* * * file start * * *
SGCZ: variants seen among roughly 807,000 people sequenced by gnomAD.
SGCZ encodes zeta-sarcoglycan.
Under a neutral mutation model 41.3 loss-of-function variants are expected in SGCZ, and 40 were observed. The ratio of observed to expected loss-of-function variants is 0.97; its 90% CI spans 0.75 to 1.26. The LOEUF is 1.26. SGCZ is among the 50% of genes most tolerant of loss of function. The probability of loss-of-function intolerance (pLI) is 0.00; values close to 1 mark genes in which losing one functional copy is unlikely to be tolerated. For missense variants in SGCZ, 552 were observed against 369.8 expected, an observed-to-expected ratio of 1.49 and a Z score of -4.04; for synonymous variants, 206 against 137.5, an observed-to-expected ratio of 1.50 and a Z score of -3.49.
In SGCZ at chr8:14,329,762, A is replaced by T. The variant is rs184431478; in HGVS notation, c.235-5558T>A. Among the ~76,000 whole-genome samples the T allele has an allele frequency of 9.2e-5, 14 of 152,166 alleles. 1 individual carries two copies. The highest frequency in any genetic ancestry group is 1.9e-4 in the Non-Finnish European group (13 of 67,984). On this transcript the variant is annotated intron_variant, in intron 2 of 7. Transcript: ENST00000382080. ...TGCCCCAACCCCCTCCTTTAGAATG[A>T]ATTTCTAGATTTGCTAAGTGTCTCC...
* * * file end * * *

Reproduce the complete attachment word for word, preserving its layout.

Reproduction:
SGCZ: variants seen among roughly 807,000 people sequenced by gnomAD.
SGCZ encodes zeta-sarcoglycan.
Under a neutral mutation model 41.3 loss-of-function variants are expected in SGCZ, and 40 were observed. The ratio of observed to expected loss-of-function variants is 0.97; its 90% CI spans 0.75 to 1.26. The LOEUF is 1.26. SGCZ is among the 50% of genes most tolerant of loss of function. The probability of loss-of-function intolerance (pLI) is 0.00; values close to 1 mark genes in which losing one functional copy is unlikely to be tolerated. For missense variants in SGCZ, 552 were observed against 369.8 expected, an observed-to-expected ratio of 1.49 and a Z score of -4.04; for synonymous variants, 206 against 137.5, an observed-to-expected ratio of 1.50 and a Z score of -3.49.
In SGCZ at chr8:14,329,762, A is replaced by T. The variant is rs184431478; in HGVS notation, c.235-5558T>A. Among the ~76,000 whole-genome samples the T allele has an allele frequency of 9.2e-5, 14 of 152,166 alleles. 1 individual carries two copies. The highest frequency in any genetic ancestry group is 1.9e-4 in the Non-Finnish European group (13 of 67,984). On this transcript the variant is annotated intron_variant, in intron 2 of 7. Transcript: ENST00000382080. ...TGCCCCAACCCCCTCCTTTAGAATG[A>T]ATTTCTAGATTTGCTAAGTGTCTCC...